Ideas & discussion
Energy Policy in Kenya: Have We Blown the Fuse?
Thursday, May 06, 2021
From MBUI WAGACHA
- Kenya’s economic outlook has grown ugly.
- Dozens of commentaries and diagnoses on public finances reveal not only how deep we have sunk, but also the end of the silence from Kenyan public affairs experts.
- The bonfire of debates will not be easily put out with bureaucratic subtleties.
Kenya’s economic outlook has grown ugly. Dozens of commentaries and diagnoses on public finances reveal not only how deep we have sunk, but also the end of the silence from Kenyan public affairs experts.
The bonfire of debates will not be easily put out with bureaucratic subtleties.
If we turn to foreign experts like the International Monetary Fund (IMF) and the World Bank, we will fall straight into the humiliating political traps and economic fallacies of the Washington Consensus that derailed many African countries over the past century.
On the contrary, overwhelming evidence – China, India, Malaysia, Singapore, etc. – shows that emerging economies, who turned down the path and created their transformative ladders for growth, increased their prospects of rivaling the First World. Better to contemplate an unprecedented economic shock treatment for Kenya as contraction and increasing poverty empty this outsider-driven strategy.
Austerity measures defy a simultaneously weaker demand and supply side. As usual, it delivers crumbs of development out of the streams where the cold free market fundamentalism meets our smug operators waiting to eat mercilessly. She hands out a disheartening bill for the festival to be paid by future generations of taxpayers whose debts they will repay without the economic benefits of intergenerational production and employment. But I digress.
This piece reminds us that the big lie is also prevalent in many areas of our economy with microeconomic distortions. The stakes are high, extremely high. For the same reasons we choose flawed priorities, our impending economic disasters are also reflected in plans drawn up by complacent operators who haven’t learned much from their mistakes.
Take the ongoing disputes between Kenya Power and power producers – particularly KenGen and Independent Power Producers (IPPs), who entered into Power Purchase Agreements (PPAs) that were imposed on Kenyans by the World Bank’s Energy Sector Recovery Program in the 1990s.
The debate so far not only reveals some shortcomings in previous policy, but the entire philosophy behind the energy sector is wrong.
It also shows Kenya as a country being manipulated by generators so that its electricity consumers, taxpayers and the regulator see Kenya Power as a veil that extracts stratospheric high electricity prices based on production and take-or-pay for electricity. I hope the Task Force deployed doesn’t get Kenya Power to swim deeper in red ink if consumer demand doesn’t consume all of the electricity it produces.
The part of the generated and unused generation is billed as a “capacity fee”, which Kenya Power receives back from the consumers and pays the producers. At 54 percent (Sh47.4 billion) of Kenya Power’s total sales of Sh97.8 billion for the fiscal year ending June 2020, fees account for more than half of total sales.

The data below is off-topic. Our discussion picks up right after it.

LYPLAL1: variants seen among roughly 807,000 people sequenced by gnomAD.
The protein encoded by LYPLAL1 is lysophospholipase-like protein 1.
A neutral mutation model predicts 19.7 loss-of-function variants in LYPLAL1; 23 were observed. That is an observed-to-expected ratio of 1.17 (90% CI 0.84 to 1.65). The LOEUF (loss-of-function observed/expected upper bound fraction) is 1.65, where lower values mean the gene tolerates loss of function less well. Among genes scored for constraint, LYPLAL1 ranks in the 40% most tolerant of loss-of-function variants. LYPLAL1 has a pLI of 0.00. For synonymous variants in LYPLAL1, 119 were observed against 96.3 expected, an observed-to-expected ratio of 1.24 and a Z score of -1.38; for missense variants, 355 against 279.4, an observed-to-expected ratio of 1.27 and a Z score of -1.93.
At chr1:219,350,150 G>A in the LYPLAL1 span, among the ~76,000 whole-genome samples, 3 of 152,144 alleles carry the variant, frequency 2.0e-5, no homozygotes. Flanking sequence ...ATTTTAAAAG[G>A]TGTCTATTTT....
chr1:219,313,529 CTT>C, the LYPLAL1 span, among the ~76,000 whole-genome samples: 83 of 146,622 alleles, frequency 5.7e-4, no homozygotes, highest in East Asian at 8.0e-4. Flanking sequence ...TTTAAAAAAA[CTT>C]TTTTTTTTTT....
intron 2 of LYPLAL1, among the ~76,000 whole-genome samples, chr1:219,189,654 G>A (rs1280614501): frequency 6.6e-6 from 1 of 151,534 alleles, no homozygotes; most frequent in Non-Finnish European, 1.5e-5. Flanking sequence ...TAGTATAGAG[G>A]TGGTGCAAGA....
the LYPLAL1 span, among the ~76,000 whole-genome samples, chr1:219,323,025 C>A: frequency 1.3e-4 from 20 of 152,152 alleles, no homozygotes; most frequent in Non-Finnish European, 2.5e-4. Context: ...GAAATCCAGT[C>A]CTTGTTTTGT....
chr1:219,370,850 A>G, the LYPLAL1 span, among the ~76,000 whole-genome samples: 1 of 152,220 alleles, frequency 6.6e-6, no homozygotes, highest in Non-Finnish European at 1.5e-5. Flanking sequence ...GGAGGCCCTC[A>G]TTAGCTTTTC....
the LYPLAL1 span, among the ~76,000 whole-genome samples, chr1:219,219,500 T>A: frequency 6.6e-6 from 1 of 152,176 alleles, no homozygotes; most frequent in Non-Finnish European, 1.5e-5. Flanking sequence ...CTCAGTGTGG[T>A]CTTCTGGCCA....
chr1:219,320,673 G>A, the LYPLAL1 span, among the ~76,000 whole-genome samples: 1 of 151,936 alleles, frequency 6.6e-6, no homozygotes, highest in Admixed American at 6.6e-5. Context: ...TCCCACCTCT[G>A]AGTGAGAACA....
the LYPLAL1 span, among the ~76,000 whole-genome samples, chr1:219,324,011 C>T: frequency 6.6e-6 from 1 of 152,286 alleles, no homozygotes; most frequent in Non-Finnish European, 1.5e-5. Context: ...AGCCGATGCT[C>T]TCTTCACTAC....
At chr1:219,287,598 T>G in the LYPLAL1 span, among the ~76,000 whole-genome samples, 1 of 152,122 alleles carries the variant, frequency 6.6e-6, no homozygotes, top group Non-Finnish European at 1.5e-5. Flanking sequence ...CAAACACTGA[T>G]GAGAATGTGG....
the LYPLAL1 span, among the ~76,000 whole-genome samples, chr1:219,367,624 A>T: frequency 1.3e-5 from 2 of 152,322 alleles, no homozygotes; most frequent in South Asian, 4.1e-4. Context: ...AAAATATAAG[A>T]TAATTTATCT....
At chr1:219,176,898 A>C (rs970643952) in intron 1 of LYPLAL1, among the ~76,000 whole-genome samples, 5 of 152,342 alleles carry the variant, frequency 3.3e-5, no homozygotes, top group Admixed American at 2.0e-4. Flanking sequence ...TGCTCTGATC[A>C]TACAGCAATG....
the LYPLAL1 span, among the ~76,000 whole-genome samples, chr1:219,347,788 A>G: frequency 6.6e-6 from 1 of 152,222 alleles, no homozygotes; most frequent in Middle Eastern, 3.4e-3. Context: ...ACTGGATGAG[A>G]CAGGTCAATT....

It reminds me of the era of exchange controls when we paid strict shilling prices for dollars on the black market. Except that electricity is not a dollar. Electricity is the essential horizontal and vertical glue for modern economies to grow, compete, conduct trade, promote jobs and services for families in all sectors. Kenya’s scenario has the country held in a stranglehold by generators. These hopes are disappointed.
Meanwhile, sectors are looking to replace the high-priced electricity by bypassing Kenya Power and connecting affordable sources like solar power, thereby discrediting the current model.
How did we get here because electricity is a system, not the US dollar? As part of the World Bank program, the then Kenya Power and Lighting Company with decades of profits and profitability was unbundled from an integrated colossus to create the tripartite segments of electricity generation, transmission and distribution and to partially privatize them from 1996 onwards.
It became Kenya Power – the sales segment with 51 percent state participation – at the behest of the World Bank’s loan terms. Few can argue with the segmentation that is standard for modern energy sectors. However, if the result has been a system that depends on incentivizing investors through extremely high prices and tax exemptions for the power generation segment, then it is neither practical, sustainable, pragmatic, or political.
Worse still, through the last mile connectivity project, we have extended expensive electricity to remote locations to use up the oversupply without any social program knowing the even lower affordability in rural areas.
So if the issue of unbundling was conceived as a way of charging consumers and taxpayers in Kenya for excess, expensive energy through the stripped-down Kenyan power, we have a profound problem that will hold the economy in the long run. A superior strategy would be to fight for affordable electricity, i.e. lowering prices to fuel demand and economic growth, rather than prioritizing electricity producers’ profit margins. You decide.
The core of the problems are the bulk supply tariffs. They can be characterized as support prices, whose emerging surplus of electricity generation capacity, which is well above demand, should have been predicted from economic theory.
The surplus is usually paid for by the government and stored for social purposes – think cheese, milk, and other farm products in the US. In our case, it is passed on to consumers as a capacity fee. Surprisingly, the government stepped up this support, giving generators generous tax exemptions amid flimsy arguments that they would have to pay their loans and dividends to shareholders.